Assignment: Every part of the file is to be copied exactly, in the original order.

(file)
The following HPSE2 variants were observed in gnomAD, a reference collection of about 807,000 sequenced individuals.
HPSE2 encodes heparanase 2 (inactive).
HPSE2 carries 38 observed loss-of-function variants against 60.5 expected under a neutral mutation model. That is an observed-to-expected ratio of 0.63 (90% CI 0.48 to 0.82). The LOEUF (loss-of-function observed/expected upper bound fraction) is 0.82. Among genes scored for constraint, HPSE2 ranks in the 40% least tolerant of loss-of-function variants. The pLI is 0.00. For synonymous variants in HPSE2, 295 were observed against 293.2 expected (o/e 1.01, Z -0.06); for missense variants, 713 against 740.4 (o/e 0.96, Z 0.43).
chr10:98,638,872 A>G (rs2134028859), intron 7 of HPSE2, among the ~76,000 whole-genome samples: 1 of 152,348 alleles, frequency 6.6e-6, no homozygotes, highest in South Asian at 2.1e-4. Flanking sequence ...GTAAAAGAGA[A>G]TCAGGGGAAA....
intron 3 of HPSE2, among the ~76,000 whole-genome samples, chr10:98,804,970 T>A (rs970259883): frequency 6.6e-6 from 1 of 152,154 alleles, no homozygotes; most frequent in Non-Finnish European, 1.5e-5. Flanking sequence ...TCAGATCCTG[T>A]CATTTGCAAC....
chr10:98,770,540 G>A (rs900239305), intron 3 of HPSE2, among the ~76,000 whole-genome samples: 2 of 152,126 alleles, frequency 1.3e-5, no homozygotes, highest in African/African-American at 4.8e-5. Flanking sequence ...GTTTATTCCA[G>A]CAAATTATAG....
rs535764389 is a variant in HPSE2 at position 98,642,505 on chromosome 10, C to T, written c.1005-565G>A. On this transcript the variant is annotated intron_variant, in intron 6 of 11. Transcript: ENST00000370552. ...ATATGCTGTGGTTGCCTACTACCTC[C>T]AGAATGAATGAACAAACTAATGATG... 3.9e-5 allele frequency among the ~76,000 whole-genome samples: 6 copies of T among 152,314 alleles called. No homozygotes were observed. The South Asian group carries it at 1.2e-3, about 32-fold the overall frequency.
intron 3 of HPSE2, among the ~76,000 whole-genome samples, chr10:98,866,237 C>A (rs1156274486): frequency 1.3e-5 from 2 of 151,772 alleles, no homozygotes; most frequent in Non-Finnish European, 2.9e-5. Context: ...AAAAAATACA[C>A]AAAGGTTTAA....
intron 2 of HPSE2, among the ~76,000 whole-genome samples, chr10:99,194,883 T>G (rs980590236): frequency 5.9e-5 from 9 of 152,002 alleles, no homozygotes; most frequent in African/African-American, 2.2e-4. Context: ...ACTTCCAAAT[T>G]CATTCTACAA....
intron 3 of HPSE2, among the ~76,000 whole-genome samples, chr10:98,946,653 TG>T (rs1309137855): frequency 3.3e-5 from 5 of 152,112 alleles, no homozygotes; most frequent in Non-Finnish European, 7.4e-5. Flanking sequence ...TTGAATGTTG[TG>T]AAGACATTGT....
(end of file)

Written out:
The following HPSE2 variants were observed in gnomAD, a reference collection of about 807,000 sequenced individuals.
HPSE2 encodes heparanase 2 (inactive).
HPSE2 carries 38 observed loss-of-function variants against 60.5 expected under a neutral mutation model. That is an observed-to-expected ratio of 0.63 (90% CI 0.48 to 0.82). The LOEUF (loss-of-function observed/expected upper bound fraction) is 0.82. Among genes scored for constraint, HPSE2 ranks in the 40% least tolerant of loss-of-function variants. The pLI is 0.00. For synonymous variants in HPSE2, 295 were observed against 293.2 expected (o/e 1.01, Z -0.06); for missense variants, 713 against 740.4 (o/e 0.96, Z 0.43).
chr10:98,638,872 A>G (rs2134028859), intron 7 of HPSE2, among the ~76,000 whole-genome samples: 1 of 152,348 alleles, frequency 6.6e-6, no homozygotes, highest in South Asian at 2.1e-4. Flanking sequence ...GTAAAAGAGA[A>G]TCAGGGGAAA....
intron 3 of HPSE2, among the ~76,000 whole-genome samples, chr10:98,804,970 T>A (rs970259883): frequency 6.6e-6 from 1 of 152,154 alleles, no homozygotes; most frequent in Non-Finnish European, 1.5e-5. Flanking sequence ...TCAGATCCTG[T>A]CATTTGCAAC....
chr10:98,770,540 G>A (rs900239305), intron 3 of HPSE2, among the ~76,000 whole-genome samples: 2 of 152,126 alleles, frequency 1.3e-5, no homozygotes, highest in African/African-American at 4.8e-5. Flanking sequence ...GTTTATTCCA[G>A]CAAATTATAG....
rs535764389 is a variant in HPSE2 at position 98,642,505 on chromosome 10, C to T, written c.1005-565G>A. On this transcript the variant is annotated intron_variant, in intron 6 of 11. Transcript: ENST00000370552. ...ATATGCTGTGGTTGCCTACTACCTC[C>T]AGAATGAATGAACAAACTAATGATG... 3.9e-5 allele frequency among the ~76,000 whole-genome samples: 6 copies of T among 152,314 alleles called. No homozygotes were observed. The South Asian group carries it at 1.2e-3, about 32-fold the overall frequency.
intron 3 of HPSE2, among the ~76,000 whole-genome samples, chr10:98,866,237 C>A (rs1156274486): frequency 1.3e-5 from 2 of 151,772 alleles, no homozygotes; most frequent in Non-Finnish European, 2.9e-5. Context: ...AAAAAATACA[C>A]AAAGGTTTAA....
intron 2 of HPSE2, among the ~76,000 whole-genome samples, chr10:99,194,883 T>G (rs980590236): frequency 5.9e-5 from 9 of 152,002 alleles, no homozygotes; most frequent in African/African-American, 2.2e-4. Context: ...ACTTCCAAAT[T>G]CATTCTACAA....
intron 3 of HPSE2, among the ~76,000 whole-genome samples, chr10:98,946,653 TG>T (rs1309137855): frequency 3.3e-5 from 5 of 152,112 alleles, no homozygotes; most frequent in Non-Finnish European, 7.4e-5. Flanking sequence ...TTGAATGTTG[TG>T]AAGACATTGT....